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Old 02-15-2010, 12:47   #1
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How Not to Train

I don't pretend to be any kind of expert so I'd be interested to hear others' thoughts, but it sounds like an absolute shambles to me.

Note: RIP rounds, as I understand it, are CS gas rounds that are designed to be fired through doors, wooden partitions etc in order to make a cloud of CS on the other side, debilitating suspects therein. They are not designed to be shot at people directly, and are considered lethal if that is done.


Originally Posted by BBC
A firearms officer who fatally shot a colleague in the chest had been told to keep his gun pointed down during the training exercise, an inquest heard.

The officer who shot Pc Ian Terry, 32, earlier said he acted "instinctively", as Greater Manchester Police's firearms unit practised in a disused factory.
The ammunition used to kill Pc Terry, in 2008, was only to be shot at a person if "there was a threat to life".

Pc Terry was not wearing body armour, Coroner Nigel Meadows told the inquest.

The father-of-two, from Burnley in Lancashire, was shot at close range while holding an empty gun, as he played the role of an armed robber fleeing in a car.

The specialist firearms officer who shot him cannot be named for legal reasons, but is to be referred to as Chris throughout the five-week inquest.

Chris shot his fellow colleague with a single shot of Round Irritant Personnel (RIP) ammunition, the hearing was told. He was using a pump action shotgun at the time and was a foot away from Pc Terry when he fired the fatal shot.
Throughout the training exercise, the inquest heard, the 20 officers taking part were told to keep their guns pointed down and aim only for the car's tyres.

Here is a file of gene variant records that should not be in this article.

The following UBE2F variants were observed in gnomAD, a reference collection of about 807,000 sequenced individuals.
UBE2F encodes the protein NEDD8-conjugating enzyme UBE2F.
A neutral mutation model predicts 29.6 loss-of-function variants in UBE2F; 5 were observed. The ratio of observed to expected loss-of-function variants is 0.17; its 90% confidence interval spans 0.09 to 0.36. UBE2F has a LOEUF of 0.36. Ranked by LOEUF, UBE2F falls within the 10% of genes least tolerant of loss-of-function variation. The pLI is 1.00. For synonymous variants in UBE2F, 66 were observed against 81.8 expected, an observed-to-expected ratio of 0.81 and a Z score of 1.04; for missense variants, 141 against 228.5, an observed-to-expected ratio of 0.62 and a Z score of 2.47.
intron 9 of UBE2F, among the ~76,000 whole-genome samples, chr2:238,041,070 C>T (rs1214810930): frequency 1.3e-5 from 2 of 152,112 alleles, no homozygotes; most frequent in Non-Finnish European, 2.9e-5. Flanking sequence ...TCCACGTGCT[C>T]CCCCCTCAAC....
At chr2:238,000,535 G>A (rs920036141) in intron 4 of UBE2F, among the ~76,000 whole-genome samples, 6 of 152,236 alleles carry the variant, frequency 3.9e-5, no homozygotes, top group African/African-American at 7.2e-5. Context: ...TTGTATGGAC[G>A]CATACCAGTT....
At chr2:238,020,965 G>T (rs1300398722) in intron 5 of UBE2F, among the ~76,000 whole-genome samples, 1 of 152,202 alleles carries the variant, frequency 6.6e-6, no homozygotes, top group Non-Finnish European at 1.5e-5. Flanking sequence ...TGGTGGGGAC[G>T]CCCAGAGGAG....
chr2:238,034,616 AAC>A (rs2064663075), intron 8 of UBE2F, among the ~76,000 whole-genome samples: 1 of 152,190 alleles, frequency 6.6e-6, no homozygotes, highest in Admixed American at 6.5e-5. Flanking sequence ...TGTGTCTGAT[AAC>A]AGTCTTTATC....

The aim of the specialist firearms officers was to burst the tyres of Pc Terry's "getaway" car and then pull the "suspects" out of the vehicle.
Mr Meadows outlined what happened shortly before the shooting.
He said: "Pc Terry extended his left hand through the window of the vehicle. Chris approached from the rear and held up his firearm to cover the vehicle and the occupants.

"At some point Chris removed the safety catch as he approached the vehicle.

"He approached with the shotgun and he fired it at Pc Terry from about a foot from his body.

"The shot struck him on the left side of his chest."

The commander of the operation - under the pseudonym Francis - "had told the officers that there would be a shoot scenario which would involve a vehicle and the occupants and that they would have unloaded guns," Mr Meadows said.

"He also said the shotgun should only be used to deflate the tyre and to be pointed down at all times.

"Francis said he asked the group whether they understood the instructions and they replied they did."

However, Mr Meadows said that Chris, who had been interviewed shortly after the shooting, said he was not aware he was in a shoot scenario.
He was interviewed at the site of the training exercise in a disused warehouse in Newton Heath, Manchester.

Mr Meadows told the hearing: "Chris said he acted instinctively to the threat of the gun from Pc Terry, although it was appreciated it was a training exercise.

"He later told the Independent Police Complaints Commission that he acted by instinct and had not intended to shoot a colleague."

Despite first aid at the scene, Pc Terry died later in hospital.

Before the inquest at Manchester Civil Justice Centre, Mr Meadows said that at least 26 officers would be granted anonymity.

The hearing continues.

Last edited by BritStudent; 02-15-2010 at 12:50..
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Old 02-15-2010, 13:24   #2
David Armstrong
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And once again we see why working guns and live ammo should not be used anytime you are doing FoF training.
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Old 02-17-2010, 22:26   #3
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Originally Posted by David Armstrong View Post
And once again we see why working guns and live ammo should not be used anytime you are doing FoF training.
NO ****! First rule of training is always safety. Loaded guns on living targets is just stupid.
"Given adequate penetration, a larger diameter bullet will have an edge in wounding effectiveness. It will damage a blood vessel the smaller projectile barely misses. The larger permanent cavity may lead to faster blood loss. Although such an edge clearly exists, its significance cannot be quantified".
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